This Arizona Coral Snake is writhing its body, crooking its neck, curling its tail and popping its cloaca, all to threaten or frighten away what it perceives to be an enemy - in this case, the photographer. It's bright coloring also serves as a warning that this snake has potentially lethal venom.

The bright coloring of a California Mountain Kingsnake serve as a warning and possibly derived as a mimic of a coral snake's coloring - an example of Batesian mimicry. Arizona Mountain Kingsnakes are also Coral Snake mimics.
Gray-banded Kingsnake New Mexico Milksnake Central Plains Milksnake Red Milksnake
The bright colors of a Gray-banded Kingsnake probably also serve as a trick of Batesian mimicry. The Western Milksnake is another Coral Snake mimic. This Western Milksnake is another Coral Snake mimic. This Western Milksnake is another Coral Snake mimic.
Tucson Shovel-nosed Snake Colorado Desert Shovel-nosed Snake    
The bright colors of this Tucson Shovel-nosed Snake may serve as a warning or as a Coral Snake mimic. The bright colors of this Colorado Desert Shovel-nosed snake may serve as a warning or as a Coral Snake mimic.    
     
Musking - Releasing Foul-smelling Distasteful Fluids
       
snake Coast Gartersnake longnosed snake Desert Threadsnake
Many snakes squirt and smear a foul-smelling fluid consisting of feces, uric acid, and anal gland musk from their cloaca to deter a predator or a grabby photographer. In this short video, after it is picked up, a big adult Diablo Range Gartersnake  demonstrates how it smears its nasty-smelling stuff all over me. You are fortunate that they haven't invented online video with smells yet. Besides the video to the left, I don't have any other examples of gartersnakes musking, but almost every gartersnake I have picked up has responded with a handful of stinky fluid. This short video shows a Long-nosed Snake using a disgusting but effective defensive behavior - it coils up with jerky movements then smears itself with red fluid from its cloaca. After that I certainly did not want to touch the snake again. Threadsnakes, formerly called Blind Snakes, often writhe around forming a tight coil while releasing pungent fluids from the cloaca. These fluids serve to repel defensive attacks by the ants and termites on which it feeds. Some of the sticky fluid is visible on the Desert Threadsnake seen here.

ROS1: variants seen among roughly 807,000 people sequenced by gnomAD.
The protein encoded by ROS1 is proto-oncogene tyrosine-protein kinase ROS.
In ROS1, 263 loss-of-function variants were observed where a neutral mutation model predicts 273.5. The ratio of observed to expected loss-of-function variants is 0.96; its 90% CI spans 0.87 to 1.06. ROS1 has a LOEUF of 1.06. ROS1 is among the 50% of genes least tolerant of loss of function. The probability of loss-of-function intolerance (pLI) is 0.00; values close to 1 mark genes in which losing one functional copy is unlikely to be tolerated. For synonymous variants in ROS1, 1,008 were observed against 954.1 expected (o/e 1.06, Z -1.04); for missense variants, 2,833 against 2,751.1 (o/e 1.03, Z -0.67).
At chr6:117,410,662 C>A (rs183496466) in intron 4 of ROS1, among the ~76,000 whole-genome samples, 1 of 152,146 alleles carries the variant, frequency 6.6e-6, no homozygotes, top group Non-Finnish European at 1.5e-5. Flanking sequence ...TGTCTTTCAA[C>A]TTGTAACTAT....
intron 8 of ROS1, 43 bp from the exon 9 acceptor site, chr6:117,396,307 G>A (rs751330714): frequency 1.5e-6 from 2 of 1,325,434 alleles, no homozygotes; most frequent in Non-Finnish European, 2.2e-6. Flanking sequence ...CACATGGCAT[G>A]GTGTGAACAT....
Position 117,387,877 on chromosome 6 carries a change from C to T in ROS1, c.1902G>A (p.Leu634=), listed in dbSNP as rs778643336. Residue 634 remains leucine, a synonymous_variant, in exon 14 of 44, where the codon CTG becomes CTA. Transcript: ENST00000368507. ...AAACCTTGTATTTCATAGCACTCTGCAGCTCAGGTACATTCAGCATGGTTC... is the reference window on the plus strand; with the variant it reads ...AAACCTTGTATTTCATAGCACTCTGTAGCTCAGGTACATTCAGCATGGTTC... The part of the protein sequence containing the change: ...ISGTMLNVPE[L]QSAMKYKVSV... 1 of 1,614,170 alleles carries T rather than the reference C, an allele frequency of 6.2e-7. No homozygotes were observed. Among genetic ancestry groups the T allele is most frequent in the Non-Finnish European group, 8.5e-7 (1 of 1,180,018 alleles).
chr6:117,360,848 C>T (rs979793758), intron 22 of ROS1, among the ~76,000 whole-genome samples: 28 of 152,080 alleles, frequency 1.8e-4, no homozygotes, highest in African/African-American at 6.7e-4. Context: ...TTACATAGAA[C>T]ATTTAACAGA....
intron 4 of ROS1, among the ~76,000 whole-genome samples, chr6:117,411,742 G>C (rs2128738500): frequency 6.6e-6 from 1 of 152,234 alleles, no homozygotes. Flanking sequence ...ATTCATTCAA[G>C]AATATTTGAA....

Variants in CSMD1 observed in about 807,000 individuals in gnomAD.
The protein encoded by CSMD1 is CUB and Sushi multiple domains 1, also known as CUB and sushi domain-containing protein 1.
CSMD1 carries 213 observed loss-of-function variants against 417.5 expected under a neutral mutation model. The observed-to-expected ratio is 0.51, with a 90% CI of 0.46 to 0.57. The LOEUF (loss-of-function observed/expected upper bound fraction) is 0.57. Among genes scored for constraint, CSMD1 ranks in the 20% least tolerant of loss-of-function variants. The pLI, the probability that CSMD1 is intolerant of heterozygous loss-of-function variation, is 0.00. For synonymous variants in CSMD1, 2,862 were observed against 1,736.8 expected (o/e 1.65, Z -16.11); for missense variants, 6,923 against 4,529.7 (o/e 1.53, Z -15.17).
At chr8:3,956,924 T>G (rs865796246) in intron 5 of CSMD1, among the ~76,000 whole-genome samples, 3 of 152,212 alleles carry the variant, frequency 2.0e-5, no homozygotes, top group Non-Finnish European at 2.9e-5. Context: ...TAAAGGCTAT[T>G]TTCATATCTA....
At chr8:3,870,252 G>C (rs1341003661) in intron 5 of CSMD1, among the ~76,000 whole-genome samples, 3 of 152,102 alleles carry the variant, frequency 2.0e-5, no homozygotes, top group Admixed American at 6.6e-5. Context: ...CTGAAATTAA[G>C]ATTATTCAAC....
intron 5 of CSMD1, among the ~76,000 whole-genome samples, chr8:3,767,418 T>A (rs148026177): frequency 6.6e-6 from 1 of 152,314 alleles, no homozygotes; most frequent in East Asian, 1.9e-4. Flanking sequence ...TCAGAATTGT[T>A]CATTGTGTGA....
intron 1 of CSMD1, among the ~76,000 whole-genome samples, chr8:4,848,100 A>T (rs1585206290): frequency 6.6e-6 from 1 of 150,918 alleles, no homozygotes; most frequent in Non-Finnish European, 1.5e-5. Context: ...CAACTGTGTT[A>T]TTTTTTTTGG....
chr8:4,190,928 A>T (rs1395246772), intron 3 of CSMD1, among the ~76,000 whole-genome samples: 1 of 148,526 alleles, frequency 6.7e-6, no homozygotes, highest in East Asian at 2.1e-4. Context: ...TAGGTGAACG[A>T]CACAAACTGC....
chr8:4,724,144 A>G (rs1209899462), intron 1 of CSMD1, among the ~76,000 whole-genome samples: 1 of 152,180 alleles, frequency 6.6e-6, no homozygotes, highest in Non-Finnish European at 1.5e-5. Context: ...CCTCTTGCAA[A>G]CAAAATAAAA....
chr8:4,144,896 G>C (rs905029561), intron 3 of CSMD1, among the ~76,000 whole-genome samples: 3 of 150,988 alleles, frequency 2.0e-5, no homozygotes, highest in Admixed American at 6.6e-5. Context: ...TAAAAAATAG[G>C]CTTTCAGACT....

Long-nosed Snake Mexican Hog-nosed Snake    
A Long-nosed Snake in a defensive position after having smeared itself with blood. © William Flaxington When threatened, Hog-nosed snakes, like this Mexican Hog-nosed Snake, roll over exposing their bellies and play dead, with their mouth open and their tongue hanging out. If picked up, they may roll back over onto their back. They will also flatten their neck like a Cobra, puff up their body, and hiss and strike at their assailant. But their most effective defensive tactic, in my experience, is when they curl up their tail and smear their own foul-smelling feces on their body, as you can see here.    
     
Rattlesnake Defensive Displays

Like most snakes, rattlesnakes use a variety of defensive tactics, including simply trying to escape and hide. When that is not thought possible, they will stand their ground in a defensive posture with the body raised up ready to strike forward, while shaking the rattle on the end of their tail as a warning. Sometimes the display includes striking and even biting and painful if not fatal envenomation if the predator is close.

Western Diamond-backed Rattlesnake Western Diamond-backed Rattlesnake Northern Mohave Rattlesnake Red Diamond Rattlesnake